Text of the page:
Learning strategies vs. learning styles:
* Broadly speaking, learning styles can be defined as general approaches to language learning, while learning strategies are specific ways learners choose to cope with language tasks in particular contexts.
* Learning strategies are the ways in which students learn, remember information and study for tests. They refer to the actions and behaviors students use to learn but learning styles refer to the general approaches that students use in acquiring a new language or in learning any other subject.
* The strategies a student uses to learn depend greatly on his/her own learning style.
Each student has his/her own style of learning. As a result we have different students with different learning styles inside the classroom as shown below:
1. Visual or spatial learners:
They need to see things to fully understand them. They learn best from visual objects such as diagrams, charts, etc. They prefer to write things down.
2. Auditory or musical learners:
They learn mainly through listening so they learn best through discussions and talking. They benefit most from reading texts aloud and using a tape recorder.
3. Physical or kinesthetic or tactile learners:
They learn through using their body, hands and sense of touch. They tend to use their muscles so they can be used well in playing, tidying, cleaning the board, collecting activity books, etc. They learn best through using their hands making things, fitting things together or taking them apart so hands-on activities are ideal to help those students learn best.
4. Social or interpersonal learners:
They prefer to learn in groups or with other people. They have the ability to understand others’ feelings and intentions.
5. Solitary or intrapersonal learners:
They prefer to work alone and use self-study. They have the ability to understand well their feelings, strengths and weaknesses. They tend to write personal diary, achieve independent projects, discuss feelings about certain topics, express likes and dislikes, etc.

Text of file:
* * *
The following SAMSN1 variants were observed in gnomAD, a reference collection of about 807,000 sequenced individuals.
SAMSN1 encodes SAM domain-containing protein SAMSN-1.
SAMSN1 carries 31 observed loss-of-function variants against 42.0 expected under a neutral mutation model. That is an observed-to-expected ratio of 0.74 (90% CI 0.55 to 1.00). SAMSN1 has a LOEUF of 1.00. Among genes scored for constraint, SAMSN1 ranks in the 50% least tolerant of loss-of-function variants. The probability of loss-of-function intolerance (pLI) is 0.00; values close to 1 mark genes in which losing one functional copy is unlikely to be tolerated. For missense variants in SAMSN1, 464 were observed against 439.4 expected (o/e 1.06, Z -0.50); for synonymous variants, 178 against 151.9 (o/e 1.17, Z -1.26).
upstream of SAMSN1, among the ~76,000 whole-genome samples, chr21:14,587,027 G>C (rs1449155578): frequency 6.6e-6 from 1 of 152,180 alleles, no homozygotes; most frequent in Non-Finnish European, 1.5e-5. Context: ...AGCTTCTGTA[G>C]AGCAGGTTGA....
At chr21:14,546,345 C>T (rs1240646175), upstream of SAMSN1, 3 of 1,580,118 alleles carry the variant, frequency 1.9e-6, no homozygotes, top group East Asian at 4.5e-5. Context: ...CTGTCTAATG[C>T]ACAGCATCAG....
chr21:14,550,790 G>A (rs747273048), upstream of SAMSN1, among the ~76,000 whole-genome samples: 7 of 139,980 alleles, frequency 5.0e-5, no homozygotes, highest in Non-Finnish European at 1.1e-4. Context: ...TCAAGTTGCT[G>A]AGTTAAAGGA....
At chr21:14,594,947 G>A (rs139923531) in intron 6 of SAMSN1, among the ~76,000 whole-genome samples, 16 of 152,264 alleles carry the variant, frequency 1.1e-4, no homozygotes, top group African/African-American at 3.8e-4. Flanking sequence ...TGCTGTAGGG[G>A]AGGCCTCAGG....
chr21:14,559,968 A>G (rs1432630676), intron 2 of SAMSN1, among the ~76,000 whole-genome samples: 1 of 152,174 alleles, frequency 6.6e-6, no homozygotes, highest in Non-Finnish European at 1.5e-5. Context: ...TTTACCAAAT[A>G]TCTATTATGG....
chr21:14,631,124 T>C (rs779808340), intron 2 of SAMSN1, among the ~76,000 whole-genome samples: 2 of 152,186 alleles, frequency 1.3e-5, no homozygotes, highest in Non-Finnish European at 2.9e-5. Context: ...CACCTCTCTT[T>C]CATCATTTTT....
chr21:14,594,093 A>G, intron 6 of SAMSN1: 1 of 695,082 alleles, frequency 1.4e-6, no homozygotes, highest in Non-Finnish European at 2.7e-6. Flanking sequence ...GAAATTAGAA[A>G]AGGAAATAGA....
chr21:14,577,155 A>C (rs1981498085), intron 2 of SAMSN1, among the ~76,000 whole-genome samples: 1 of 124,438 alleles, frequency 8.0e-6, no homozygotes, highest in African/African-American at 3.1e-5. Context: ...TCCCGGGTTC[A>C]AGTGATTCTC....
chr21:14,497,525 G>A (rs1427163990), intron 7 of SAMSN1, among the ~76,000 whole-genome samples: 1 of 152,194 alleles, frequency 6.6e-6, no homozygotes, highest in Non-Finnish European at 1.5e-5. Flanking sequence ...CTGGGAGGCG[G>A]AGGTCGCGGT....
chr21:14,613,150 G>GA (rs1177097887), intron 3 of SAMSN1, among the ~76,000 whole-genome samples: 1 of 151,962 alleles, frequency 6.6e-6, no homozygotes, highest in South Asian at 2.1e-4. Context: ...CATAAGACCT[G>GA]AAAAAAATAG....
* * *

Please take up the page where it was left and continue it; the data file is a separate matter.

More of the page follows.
6. Verbal or linguistic learners:
They prefer using words, both in speech and writing.
7. Logical or mathematical:
They prefer using logic, reasoning and systems.
Many students use learning strategies automatically without any awareness of them. The role of teachers here is to:
* recognize their students’ learning strategies,
* make them explicit to students, bring them to their attention and talk about them.
* encourage students to use them in the classroom
* make them more effective to the learning process,
* base teaching process and techniques on these strategies.
Students use the following learning strategies most often when learning a language:
1. Cognitive strategies which enable the learner to manipulate the language material in direct ways, e.g. through reasoning, analysis, note-taking, and synthesizing
2. Metacognitive strategies which are used to manage the learning process overall, e.g. identifying preferences and the need for planning, monitoring mistakes, and evaluating task success.
3. Memory-related strategies which help learners link one item or concept with another but do not necessarily involve deep understanding, e.g. using acronyms, sound similarities, images, key words.
4. Compensatory strategies which help make up for missing knowledge, e.g. using gestures, miming or guessing the meaning from the context.
5. Affective strategies which help learners manage their emotions, such as identifying one’s mood and anxiety level, talking about feelings, rewarding oneself, and using deep breathing or positive self-talk.
6. Social strategies which enable the learner to learn via interaction with others and understand the target culture, e.g. asking questions, asking for clarification, asking for conversation help, talking with a native-speaking partner, and exploring cultural and social norms.
To be able to use the suitable strategies for you, you should know first your learning style BUT What is your learning style? Click and take a few minutes to do a quiz to be aware of your learning style.